My attempt to explain the sequence of events methodically, from the beginning, was cut short. All the incidents are so lame that they don’t warrant repeating. However they have evidently been so amplified, and are being pored over by State employees, that I have to make a response. This was the significant exchange, which took place in the foyer of the local post office.

How relationships start

I was leaving and she was entering, and we almost collided in the foyer of the local post office. I looked back and she looked back, and unless I’m mistaken, she spoke first. (This was notable: I mention in The Tyranny of Ambiguity instances where females believe they have spoken first while in fact they had merely signalled.) She said she had seen me before, recently. I explained that I cannot recognise faces, it’s called prosopagnosia and it was years before I realised what it was. “Do you work in a shop?” It turned out I had met her while trying to get blank card for the Christmas cards I was quickly running up. I said that if she told me her name I would give her one so she could see it. I would call with one the following Saturday I said, and we parted.

Apparently there were a couple of innocuous earlier encounters, going back months: “I stared at her” and “He said something about the cost of postage as we were leaving the post office at the same time.” I have only the dimmest recollection of these, and hadn’t associated them with the girl. I talk to lots of people, young and old, male and female, and always have interesting stories to tell. (Though perhaps my audience doesn’t always agree on their interestingness!)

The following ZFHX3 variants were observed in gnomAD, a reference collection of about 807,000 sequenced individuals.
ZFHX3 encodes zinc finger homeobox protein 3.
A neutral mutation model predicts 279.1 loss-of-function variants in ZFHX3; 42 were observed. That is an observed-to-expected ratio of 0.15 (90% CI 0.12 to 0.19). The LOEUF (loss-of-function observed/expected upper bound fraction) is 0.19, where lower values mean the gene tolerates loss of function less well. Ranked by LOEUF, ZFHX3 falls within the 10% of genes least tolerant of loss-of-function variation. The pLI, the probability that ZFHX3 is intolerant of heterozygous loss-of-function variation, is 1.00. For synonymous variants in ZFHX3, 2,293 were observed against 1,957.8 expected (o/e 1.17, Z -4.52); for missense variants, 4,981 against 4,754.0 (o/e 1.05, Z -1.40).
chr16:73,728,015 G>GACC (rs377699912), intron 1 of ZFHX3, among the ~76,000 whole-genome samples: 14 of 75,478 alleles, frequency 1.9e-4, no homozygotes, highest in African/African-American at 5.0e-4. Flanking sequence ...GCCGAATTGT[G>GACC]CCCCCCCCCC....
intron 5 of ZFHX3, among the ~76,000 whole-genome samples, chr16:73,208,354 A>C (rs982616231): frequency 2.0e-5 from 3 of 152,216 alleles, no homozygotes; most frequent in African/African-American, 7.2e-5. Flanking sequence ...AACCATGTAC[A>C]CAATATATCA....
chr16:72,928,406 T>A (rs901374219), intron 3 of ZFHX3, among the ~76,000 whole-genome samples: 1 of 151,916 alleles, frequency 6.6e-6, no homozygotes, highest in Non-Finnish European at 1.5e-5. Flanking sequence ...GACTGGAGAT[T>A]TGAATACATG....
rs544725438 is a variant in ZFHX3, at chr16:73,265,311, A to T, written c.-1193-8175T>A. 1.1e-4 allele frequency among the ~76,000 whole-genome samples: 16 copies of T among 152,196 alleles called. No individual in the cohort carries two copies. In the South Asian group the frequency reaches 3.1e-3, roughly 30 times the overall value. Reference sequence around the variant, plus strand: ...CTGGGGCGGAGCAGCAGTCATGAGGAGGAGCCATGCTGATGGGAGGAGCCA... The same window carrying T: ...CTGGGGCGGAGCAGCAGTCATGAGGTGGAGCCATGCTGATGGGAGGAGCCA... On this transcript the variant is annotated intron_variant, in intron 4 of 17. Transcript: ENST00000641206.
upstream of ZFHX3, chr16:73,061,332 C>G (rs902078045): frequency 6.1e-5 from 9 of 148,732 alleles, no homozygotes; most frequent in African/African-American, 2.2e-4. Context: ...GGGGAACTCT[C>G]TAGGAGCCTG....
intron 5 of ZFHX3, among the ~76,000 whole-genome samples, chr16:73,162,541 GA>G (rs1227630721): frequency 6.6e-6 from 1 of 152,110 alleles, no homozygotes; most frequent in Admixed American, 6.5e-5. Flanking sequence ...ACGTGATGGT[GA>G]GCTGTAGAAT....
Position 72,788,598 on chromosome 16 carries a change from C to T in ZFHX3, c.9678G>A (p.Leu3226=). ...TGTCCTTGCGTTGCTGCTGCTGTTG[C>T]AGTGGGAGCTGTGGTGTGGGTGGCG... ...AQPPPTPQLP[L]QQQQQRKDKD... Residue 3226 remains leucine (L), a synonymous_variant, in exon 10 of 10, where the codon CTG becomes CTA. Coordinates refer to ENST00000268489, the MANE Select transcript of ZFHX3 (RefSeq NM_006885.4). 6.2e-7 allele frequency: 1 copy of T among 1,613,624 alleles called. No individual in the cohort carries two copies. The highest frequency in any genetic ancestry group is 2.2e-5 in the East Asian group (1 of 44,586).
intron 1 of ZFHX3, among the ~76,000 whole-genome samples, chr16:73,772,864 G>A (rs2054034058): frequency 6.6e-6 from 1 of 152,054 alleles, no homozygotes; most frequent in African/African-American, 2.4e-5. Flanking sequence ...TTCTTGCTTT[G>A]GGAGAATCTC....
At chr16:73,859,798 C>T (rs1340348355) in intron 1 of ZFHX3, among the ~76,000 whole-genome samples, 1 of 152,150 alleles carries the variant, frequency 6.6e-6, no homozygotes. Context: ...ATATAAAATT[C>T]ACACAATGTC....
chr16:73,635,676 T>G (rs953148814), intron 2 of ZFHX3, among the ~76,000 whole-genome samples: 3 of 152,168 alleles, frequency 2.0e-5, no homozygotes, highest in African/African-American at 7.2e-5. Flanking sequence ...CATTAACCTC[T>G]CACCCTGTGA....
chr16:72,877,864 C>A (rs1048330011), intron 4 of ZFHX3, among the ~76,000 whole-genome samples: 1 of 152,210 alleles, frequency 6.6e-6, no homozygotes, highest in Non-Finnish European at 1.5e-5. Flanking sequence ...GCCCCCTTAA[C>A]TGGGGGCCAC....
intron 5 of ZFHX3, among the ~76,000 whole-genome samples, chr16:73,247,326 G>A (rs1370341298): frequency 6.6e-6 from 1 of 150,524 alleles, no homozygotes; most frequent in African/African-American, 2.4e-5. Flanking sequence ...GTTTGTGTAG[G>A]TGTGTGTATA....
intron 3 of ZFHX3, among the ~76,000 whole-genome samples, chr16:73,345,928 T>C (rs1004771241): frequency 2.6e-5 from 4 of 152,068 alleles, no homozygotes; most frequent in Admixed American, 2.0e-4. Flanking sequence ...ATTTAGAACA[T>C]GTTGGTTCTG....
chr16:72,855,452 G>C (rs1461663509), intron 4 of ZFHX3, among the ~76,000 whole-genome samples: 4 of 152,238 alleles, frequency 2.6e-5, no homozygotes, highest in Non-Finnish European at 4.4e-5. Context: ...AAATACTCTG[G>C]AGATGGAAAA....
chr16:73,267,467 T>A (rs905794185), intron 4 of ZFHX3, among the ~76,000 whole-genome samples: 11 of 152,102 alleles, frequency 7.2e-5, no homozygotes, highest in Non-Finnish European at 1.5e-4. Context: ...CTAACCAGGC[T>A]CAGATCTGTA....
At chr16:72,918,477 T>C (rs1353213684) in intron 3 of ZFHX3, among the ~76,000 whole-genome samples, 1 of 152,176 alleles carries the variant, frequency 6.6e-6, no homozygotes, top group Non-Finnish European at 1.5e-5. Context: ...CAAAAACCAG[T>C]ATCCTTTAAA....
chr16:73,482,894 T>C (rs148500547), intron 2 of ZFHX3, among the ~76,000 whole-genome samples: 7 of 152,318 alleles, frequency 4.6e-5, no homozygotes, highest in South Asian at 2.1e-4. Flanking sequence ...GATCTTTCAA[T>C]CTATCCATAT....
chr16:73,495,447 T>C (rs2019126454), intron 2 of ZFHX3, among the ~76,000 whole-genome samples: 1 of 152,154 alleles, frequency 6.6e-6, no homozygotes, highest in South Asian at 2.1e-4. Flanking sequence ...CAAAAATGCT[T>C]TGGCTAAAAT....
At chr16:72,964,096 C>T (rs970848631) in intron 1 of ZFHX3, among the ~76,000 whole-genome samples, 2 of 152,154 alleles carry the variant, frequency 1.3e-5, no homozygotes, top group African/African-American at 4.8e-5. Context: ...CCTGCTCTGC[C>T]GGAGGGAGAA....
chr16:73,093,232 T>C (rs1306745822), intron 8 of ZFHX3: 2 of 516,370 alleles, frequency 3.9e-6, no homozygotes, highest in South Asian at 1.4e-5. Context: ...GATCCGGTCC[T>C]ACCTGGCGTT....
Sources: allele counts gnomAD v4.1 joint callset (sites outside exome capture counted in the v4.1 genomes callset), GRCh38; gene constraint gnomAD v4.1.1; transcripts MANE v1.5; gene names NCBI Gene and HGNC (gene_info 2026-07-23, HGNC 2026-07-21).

The contents of that six-page statement, what little I know of it, are really not worthy of being repeated, not here, not anywhere. For instance, an occasion when I was walking past and tapped on her window to give a cheery wave, to be greeted by a wave and a cheerful smile in return, is transformed into me hammering on the window and “frightening her.”

Anyway PC Believer’s promise of a quick “in-out” interview was kept but the intimation with it that all would be resolved quickly and I would soon be home was not. I spent a further four hours in the cell.